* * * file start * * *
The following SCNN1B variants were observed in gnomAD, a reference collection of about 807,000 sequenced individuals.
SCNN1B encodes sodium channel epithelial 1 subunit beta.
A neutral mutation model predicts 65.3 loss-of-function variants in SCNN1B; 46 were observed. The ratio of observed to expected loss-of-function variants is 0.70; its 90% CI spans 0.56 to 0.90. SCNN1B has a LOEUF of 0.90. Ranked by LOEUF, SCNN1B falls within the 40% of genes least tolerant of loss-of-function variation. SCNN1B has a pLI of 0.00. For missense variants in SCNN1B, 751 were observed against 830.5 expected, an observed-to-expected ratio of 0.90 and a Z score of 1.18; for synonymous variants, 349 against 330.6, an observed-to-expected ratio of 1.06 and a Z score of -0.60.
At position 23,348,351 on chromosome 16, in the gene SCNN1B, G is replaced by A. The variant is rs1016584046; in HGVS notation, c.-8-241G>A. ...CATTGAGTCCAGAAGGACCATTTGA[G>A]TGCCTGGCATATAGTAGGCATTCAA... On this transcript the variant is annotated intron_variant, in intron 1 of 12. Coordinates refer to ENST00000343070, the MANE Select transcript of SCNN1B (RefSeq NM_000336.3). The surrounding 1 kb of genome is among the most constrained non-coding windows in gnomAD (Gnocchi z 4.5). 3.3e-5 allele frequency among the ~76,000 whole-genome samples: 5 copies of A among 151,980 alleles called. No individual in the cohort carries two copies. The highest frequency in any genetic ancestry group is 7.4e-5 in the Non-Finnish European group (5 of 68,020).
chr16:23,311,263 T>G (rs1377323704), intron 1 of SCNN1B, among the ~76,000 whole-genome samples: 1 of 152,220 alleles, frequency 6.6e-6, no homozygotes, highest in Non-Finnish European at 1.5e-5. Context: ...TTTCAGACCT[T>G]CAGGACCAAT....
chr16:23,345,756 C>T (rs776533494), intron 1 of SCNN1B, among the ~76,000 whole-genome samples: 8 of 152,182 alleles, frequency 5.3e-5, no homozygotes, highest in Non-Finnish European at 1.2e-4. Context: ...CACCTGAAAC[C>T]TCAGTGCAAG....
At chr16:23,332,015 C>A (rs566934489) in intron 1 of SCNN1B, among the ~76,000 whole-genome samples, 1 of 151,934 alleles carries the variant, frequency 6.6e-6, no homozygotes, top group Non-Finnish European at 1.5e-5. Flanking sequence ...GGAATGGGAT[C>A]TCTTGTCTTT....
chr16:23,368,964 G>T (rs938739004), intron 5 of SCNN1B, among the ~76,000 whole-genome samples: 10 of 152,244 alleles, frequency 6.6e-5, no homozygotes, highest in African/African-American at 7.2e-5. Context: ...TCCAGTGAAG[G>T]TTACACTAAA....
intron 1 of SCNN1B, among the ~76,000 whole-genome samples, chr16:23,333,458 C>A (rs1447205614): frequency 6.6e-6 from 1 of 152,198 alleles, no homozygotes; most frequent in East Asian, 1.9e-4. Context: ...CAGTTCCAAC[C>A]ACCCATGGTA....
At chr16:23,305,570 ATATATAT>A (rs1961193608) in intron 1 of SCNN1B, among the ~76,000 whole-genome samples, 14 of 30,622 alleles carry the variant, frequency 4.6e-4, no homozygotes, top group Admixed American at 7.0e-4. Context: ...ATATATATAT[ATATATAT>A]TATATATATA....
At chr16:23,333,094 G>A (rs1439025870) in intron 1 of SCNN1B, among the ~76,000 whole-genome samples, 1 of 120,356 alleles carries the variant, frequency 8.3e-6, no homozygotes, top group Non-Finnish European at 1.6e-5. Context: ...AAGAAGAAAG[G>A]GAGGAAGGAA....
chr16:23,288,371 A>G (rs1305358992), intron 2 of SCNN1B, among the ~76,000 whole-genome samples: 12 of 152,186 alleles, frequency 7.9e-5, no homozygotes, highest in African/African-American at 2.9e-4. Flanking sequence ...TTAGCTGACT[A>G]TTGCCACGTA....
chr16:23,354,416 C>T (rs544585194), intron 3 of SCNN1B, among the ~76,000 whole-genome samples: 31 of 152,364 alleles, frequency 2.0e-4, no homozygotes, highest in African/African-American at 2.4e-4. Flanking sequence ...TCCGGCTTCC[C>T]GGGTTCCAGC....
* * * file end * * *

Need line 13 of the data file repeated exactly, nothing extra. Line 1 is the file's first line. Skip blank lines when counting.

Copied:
chr16:23,354,416 C>T (rs544585194), intron 3 of SCNN1B, among the ~76,000 whole-genome samples: 31 of 152,364 alleles, frequency 2.0e-4, no homozygotes, highest in African/African-American at 2.4e-4. Flanking sequence ...TCCGGCTTCC[C>T]GGGTTCCAGC....